The applicant appealed to the Supreme Court and contested in its memorandum of appeal that the Court of Appeal based its judgment on an incorrect interpretation of Article 33 sub f) of the CCC considering that the matter involves a shipment under ‘DDP’ to a customer in the European Community (“EC”). This is, according to the applicant, sufficient to establish that the customs value should be set by deducting the import duties, and other applicable (import) taxes in the EC, from the transaction price.

The applicant further stipulated that the proportion of the import duties is not to be seen as being dependent on the assumption of the contracting parties with regard to the their transaction. In that regard, the applicant referred to the agreed liability of the seller in relation to import duties which implies that the seller had agreed to receive a lower amount for the goods.

The applicant further substantiated his view by referring to Advisory Opinion 3.1 of The Technical Committee on Customs Valuation of the World Customs Organisation (“WCO”) and point 8 of Commentary 5, section ‘customs value’, of the Customs Code Committee. These imply, according to the applicant, that for the application of Article 33 sub f) of the CCC the amount of import duties does not need to be stated on the invoice of the seller, but that it is sufficient if one of the accompanying documents shows that the seller is liable for any import duties, no matter how high these may be. Moreover, the applicant stated that it is in the interest of the Customs Code Committee that the contracting parties showed that, at the time of the conclusion of the agreement, the parties were aware that the transaction price covered in part the costs due with regard to import duties.

The Supreme Court

The Supreme Court affirmed, on one hand, that in the underlying transactions between the seller and buyer, it was agreed that the seller was liable for payment of import duties for the concerned goods. Moreover, the seller and buyer assumed, when concluding the agreement, that the import duties for the concerned goods were not due. Therefore, it is uncertain for which price the seller would have sold the goods to the buyer if the contracting parties (at least the seller) had a correct conception of the import duties due. Such an uncertainty provides, in the eyes of the Supreme Court, an argument in favor of the view that the sole reference to ‘DDP’ is not sufficient to assume that import duties have been included in the price actually paid or payable for the imported goods.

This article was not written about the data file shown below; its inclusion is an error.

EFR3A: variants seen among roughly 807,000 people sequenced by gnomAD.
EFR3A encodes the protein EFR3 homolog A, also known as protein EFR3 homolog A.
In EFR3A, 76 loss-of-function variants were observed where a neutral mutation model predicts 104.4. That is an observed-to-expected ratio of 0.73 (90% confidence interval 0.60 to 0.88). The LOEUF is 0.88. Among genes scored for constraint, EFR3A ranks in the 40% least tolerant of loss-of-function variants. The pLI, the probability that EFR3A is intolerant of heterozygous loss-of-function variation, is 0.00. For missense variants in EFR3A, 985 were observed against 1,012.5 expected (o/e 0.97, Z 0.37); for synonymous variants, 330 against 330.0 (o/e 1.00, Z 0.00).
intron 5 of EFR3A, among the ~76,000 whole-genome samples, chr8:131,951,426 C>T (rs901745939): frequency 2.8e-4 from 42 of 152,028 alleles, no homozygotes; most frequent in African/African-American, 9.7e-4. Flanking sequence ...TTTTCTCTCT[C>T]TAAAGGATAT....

On the other hand, the Supreme Court determined that if Article 33 sub f) of the CCC is not to be applied, import duties may be levied over a transaction price including import duties which is in contradiction with Article 33 sub f) of the CCC. Moreover, it can also be argued that in cases where the seller and buyer did assume that import duties were due, it is difficult for the contracting parties to determine the right amount of import duties to be charged to the seller, for example if there is uncertainty with regard to the classification of goods in the Combined Nomenclature or if the customs authorities assume a different amount than the seller to calculate the payable amount of import duties, which can lead to miscalculations. This leads, according to the Supreme Court, to the conclusion that for the application of Article 33 sub f) of the CCC, it would not matter whether the import duties are levied directly after the submission of the declaration for free circulation or any time afterwards, provided that at the time of import it is clear that the seller is liable for the import duties.

Taking the above into account, the Supreme Court determined that a clear answer could not be derived from Articles 29 – 33 of the CCC or ECJ’s jurisprudence and accordingly requested the ECJ to give a preliminary ruling.